After back pain, knee pain is one of the commonest complaints that medical practitioners see and can have many causes.
The knee is comprised of two joints, a hinge joint where the tibia meets the femur (referred to as the tibiofemoral joint) and a sesamoid joint where the knee cap (patella) glides over the femur, (referred to as the patellofemoral joint). The knee cap may be a weird looking piece of bone but it has a very important role in the function of the knee.
The knee joint is held together by four ligaments and the muscles of the leg. It is very often these structures which become injured during sporting activity.
Ligaments of the knee
Anterior cruciate ligament (ACL) – controls rotational movement and prevents forward movement of the tibia in relation to the femur. It is found deep at the centre of the knee joint.
Posterior cruciate ligament (PCL) – prevents the femur sliding forward of the tibia. Located deep at the centre of the knee joint, crossing the ACL
Medial collateral ligament (MCL) – prevents the tibia moving sideways to the centre.
Lateral collateral ligament (LCL) – prevents tibia moving sideways to the outside.
The Menisci (meniscal cartilage) are attached to the top of the tibia providing stability and shock absorption.
Ligaments and cartilage can be subject to tears and ruptures if enough force is applied to the joint. Many footballers, rugby players and skiiers injure these structures when the knee is twisted or forced beyond it’s normal range of movement.
Pain in the knee usually falls into two categories:
Acute – Pain comes on rapidly, usually as a result of an injury.
Chronic – Pain that has been present for a number of weeks and often comes on slowly, sometimes worsening over many months.
Pain can be felt in any part of the knee but the most usual is at the front, referred to as anterior knee pain and whilst some types of pain are easy to locate to a particular area of the knee, some conditions will cause a more generalised, diffuse pain around the joint.
Knee pain can be accompanied by swelling, bruising and tenderness.
Arthritis of the Knee
Many people are told that their knee pain is due to “wear and tear” and are informed that they have Arthritis. However there are over 100 different types of arthritis, some of which are very rare.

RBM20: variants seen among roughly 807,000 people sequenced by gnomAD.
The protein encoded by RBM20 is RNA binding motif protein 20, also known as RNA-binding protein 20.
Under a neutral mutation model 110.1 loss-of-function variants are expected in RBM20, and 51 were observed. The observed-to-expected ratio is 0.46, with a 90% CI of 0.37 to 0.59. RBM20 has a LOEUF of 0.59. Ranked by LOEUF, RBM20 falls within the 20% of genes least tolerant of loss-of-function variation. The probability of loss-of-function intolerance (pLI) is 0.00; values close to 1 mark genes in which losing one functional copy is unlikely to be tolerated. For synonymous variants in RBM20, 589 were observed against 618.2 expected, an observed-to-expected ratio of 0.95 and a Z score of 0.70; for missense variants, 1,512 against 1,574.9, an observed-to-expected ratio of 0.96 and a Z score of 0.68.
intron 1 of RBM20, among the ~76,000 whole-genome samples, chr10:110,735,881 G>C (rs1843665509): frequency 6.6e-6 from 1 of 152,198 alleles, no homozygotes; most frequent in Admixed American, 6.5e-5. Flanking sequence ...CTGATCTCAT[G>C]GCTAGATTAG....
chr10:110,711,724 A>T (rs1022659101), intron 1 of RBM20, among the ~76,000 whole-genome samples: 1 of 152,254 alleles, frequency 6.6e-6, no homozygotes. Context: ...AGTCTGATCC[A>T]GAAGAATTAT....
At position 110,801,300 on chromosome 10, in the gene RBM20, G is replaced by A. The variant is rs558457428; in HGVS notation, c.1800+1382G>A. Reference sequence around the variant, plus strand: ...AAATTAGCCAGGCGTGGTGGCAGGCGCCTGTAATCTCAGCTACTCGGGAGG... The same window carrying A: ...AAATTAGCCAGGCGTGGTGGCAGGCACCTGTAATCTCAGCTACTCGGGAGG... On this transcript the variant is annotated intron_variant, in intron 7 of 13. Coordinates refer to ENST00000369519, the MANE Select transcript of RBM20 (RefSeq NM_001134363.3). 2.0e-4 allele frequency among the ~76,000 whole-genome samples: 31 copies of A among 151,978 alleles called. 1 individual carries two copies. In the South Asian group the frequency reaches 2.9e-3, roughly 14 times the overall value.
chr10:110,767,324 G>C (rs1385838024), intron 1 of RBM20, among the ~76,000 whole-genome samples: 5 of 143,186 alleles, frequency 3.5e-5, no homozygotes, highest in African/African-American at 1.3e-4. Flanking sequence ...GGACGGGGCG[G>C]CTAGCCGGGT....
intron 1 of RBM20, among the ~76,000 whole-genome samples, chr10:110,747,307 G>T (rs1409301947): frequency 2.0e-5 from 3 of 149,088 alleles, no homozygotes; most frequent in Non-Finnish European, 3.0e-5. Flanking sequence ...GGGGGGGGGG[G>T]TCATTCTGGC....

We use the term referred pain when the pain in the knee is actually coming from somewhere else in the body, such as the nerves of the back or conditions like Iliotibial band syndrome.
This type of pain may also be an indicator of faulty biomechanics or gait.
Preventing knee pain
- The Quadricep muscles (thigh), play an important role in the stability and strength of the knee. Keeping these muscles strong is important.
- Always use protective knee pads if your work involves a lot of kneeling.
- Keep active – The “use it or lose it” scenario is true of all joints and muscles in our body. Regular exercise helps strengthen bone and muscle.
- Sports specific strengthening exercises help prepare the knee for winter sports and those such as rugby and football.
- Avoid being overweight – In a lifetime, your knees will have to carry many tons of weight, adding to this will increase the risk of Osteoarthritis.
- Runners should always change their running shoes about every six months, as their shock absorbing capacity declines, placing undue stress on the knee joint.
Anatomy of the knee – Take a closer look at the knee joint.
Knee pain– Take a more in depth look at the different causes of knee pain.
Exercises for the knee – A selection of basic, intermediate and advanced exercises to strengthen the knee.
Arthritic conditions of the knee – Find out more about Osteoarthritis of the knee
Knee Resurfacing & replacement – Different techniques to replace worn or damaged knee structures.